Coach T's favorite golf course requires your 'A game' at Auburn Links
AUBURN, Ala. - Not every golf course has a reserved parking space for the head football coach at a major Southeastern Conference university.
Auburn Links is Auburn Tigers' coach Tommy Tuberville's favorite golf course in an Auburn-Opelika metro area deemed the best in the country by Golf Digest, and his personal space is one of the first things you see when you pull up by the shaded golf shop - it has the effect of either a shrine or an ad.
It's easy to see why Tuberville likes the place: Auburn Links is more informal than some of the area's other courses. It's an easy-going place, friendly without pretense. You can perform the unruly act of driving your cart to your car in the parking lot to pick up your bag. It's a small thing, to be sure, but it gives you an idea of the comparative informality.
That isn't the only reason Tuberville and War Eagles throughout east Alabama like the course, obviously. It's easier - "player-friendly" is the official golf term - than either Grand National's Lake or Links courses.
"Those are the scenic courses, but they'll beat you up," Auburn Links Head Professional John Karabasz said.
You certainly don't get the impression Auburn Links is a cupcake when you walk up to the first tee, a 360-yard par 4 that throws not one, but two carries over small canyons at you right off the bat. From the back tees, it is a prodigious challenge; you have to be not only long with your tee shot, but accurate with distance, lest you land in the second canyon. Or, you can carry both - if you're John Daly.
It eases up some after that, but there are some holes that will put a hat on you, like a charging Tigers' linebacker. Like No. 14, a 440-yard par 4 with trees pinching in on the left; don't land behind them or you'll be sacked.
It also has a great finishing hole, a 470-yarder with a downhill drive that, if struck too hard, will land in the creek that crosses the fairway about three-fourths of the way down of the hole. Beware, you'll get quite a bit of roll, so consider a 3-wood. Your approach is over said creek to a flat green with high, mounded bunkers back.
Those who haven't played the course in a few years would be pleasantly surprised at the conditions. A group of Japanese businessmen owned the course and their efforts at managing it from afar resulted in deteriorating conditions. The new ownership, as of 2003, has dramatically improved the layout, with its large, bentgrass greens and rolling fairways.
"You'd have had to see it before to appreciate the way it is now," Karabasz said.
With green fees of $20-$37, this is another great bargain in Auburn-Opelika. The bentgrass greens are in good shape for the most part, though a few are spotty, due to the heavy summer rains.
"I thought it was in good shape," said John Peterson, a mid-handicapper. "It isn't the hardest course in the area, except for No. 1. That's a hum-dinger."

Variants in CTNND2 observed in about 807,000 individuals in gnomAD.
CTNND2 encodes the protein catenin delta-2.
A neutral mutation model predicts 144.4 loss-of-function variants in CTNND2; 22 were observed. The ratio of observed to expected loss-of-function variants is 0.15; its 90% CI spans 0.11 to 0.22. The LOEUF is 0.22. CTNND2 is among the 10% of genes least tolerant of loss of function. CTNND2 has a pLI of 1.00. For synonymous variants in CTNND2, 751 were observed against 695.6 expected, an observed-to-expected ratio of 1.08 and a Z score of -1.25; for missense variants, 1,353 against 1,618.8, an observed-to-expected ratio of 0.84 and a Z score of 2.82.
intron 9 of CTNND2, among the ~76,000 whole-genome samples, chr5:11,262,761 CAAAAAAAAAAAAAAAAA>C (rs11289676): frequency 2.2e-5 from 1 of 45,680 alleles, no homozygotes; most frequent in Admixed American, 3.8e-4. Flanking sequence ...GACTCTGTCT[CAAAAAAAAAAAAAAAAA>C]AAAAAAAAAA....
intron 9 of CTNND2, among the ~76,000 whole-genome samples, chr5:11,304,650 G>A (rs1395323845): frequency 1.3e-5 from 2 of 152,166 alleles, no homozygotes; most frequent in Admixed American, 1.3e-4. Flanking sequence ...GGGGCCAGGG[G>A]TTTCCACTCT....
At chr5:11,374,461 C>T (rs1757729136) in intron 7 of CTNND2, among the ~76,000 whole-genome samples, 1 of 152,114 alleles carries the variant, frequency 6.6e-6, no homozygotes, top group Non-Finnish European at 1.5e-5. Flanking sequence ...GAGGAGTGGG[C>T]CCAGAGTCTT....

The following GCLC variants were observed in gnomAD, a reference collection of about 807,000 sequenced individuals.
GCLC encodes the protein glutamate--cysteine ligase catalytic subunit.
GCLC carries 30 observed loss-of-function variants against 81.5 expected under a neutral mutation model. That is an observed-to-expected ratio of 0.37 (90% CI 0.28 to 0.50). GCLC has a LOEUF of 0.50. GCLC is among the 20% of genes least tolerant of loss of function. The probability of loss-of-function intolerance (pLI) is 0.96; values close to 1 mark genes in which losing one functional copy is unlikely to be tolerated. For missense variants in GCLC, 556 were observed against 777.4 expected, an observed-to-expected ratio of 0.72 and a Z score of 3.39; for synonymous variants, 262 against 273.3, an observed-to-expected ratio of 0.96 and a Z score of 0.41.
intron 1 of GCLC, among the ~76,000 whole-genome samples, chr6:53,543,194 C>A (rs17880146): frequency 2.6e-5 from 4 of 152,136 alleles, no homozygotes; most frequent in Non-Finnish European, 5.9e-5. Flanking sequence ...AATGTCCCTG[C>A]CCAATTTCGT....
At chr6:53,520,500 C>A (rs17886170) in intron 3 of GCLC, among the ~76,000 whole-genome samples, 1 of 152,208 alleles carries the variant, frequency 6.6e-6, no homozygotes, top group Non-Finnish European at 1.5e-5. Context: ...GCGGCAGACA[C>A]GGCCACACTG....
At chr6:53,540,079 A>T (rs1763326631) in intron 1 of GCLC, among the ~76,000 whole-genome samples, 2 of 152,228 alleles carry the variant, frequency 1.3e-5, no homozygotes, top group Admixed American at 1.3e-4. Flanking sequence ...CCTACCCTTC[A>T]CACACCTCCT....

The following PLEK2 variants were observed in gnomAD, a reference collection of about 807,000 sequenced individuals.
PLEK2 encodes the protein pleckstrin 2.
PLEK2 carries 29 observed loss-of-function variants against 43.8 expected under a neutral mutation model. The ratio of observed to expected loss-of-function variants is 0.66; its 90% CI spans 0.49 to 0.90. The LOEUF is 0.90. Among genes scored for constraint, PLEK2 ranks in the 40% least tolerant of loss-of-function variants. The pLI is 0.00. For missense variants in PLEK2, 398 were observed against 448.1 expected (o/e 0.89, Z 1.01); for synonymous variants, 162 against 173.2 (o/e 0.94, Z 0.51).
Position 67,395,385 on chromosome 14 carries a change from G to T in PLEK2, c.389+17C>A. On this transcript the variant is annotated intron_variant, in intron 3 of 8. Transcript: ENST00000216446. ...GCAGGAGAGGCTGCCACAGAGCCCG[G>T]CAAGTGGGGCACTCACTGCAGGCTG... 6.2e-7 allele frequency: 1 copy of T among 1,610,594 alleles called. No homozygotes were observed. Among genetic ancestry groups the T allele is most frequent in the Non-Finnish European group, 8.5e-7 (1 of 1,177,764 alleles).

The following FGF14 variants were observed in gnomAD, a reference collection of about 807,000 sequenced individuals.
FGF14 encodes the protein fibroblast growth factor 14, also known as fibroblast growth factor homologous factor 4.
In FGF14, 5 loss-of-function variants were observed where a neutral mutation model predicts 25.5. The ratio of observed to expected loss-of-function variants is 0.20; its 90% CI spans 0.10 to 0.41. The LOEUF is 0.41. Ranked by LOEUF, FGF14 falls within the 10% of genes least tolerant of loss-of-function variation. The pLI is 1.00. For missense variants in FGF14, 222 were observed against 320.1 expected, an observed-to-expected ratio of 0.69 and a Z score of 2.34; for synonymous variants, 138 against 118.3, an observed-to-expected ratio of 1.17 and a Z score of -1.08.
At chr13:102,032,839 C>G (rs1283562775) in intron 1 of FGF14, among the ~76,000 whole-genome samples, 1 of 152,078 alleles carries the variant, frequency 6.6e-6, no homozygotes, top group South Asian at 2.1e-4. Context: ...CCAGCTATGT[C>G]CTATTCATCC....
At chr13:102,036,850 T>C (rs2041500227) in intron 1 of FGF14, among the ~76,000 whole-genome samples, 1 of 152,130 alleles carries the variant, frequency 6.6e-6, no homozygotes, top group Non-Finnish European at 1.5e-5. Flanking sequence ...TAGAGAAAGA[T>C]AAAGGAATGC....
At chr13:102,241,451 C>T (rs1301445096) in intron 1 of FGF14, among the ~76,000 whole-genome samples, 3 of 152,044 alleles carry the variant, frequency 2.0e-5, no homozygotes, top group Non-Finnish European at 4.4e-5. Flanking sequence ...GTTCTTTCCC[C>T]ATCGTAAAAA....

The course winds through Parkerson's Creek and a residential community, but the houses rarely make themselves known overtly; the chirping of cicadas mixes with the sound of lawn mowers.
It doesn't have as much elevation change as the Grand National courses, but the fairways have good movement. The rough, as most courses in the area, can be impenetrable at times, with the kudzu draping the vegetation like a fungus. Some of the bunkers are steep-sided and made of red clay.
The 6,790-yard course could be considered friendly to women and seniors, if they can manage the few forced carries from the forward tees.
Stay and play
The Marriott at Grand National is within easy driving distances to most of the courses in the Auburn-Opelika area and only a few minutes to the three Grand National courses. You know it's a "golf hotel" the minute you drive up, with its long, winding putting green out front. Still, it's away from what passes for hustle and bustle of the area, set back in the woods as it is.
It's a moderate-sized hotel, with 114 rooms and 15 suites, and caters to the business types with high-speed Internet access, for $10 a day, business centers and 15,000 square feet of meeting space. That includes 13 meeting rooms.
It also has concierge services, hot tubs and jacuzzis, a fitness center , swimming pool and sauna, hiking and jogging trails, miniature golf and tennis.
The Marriott has the Fairways Lounge, which is open for breakfast, lunch and dinner, and serves casual food like sandwiches, hamburgers and salads. For ritzier stuff, the Lakeview Room is also open for breakfast, lunch and dinner and has steaks, seafood and game dishes.
If you want to venture further afield, try the Cottage Café, Cock of the Walk for seafood made from scratch or Chuck's B Que Incorporated or Byron's for barbecue.
Links Magazine named Auburn Links the third-best public course in the region.
November 28, 2005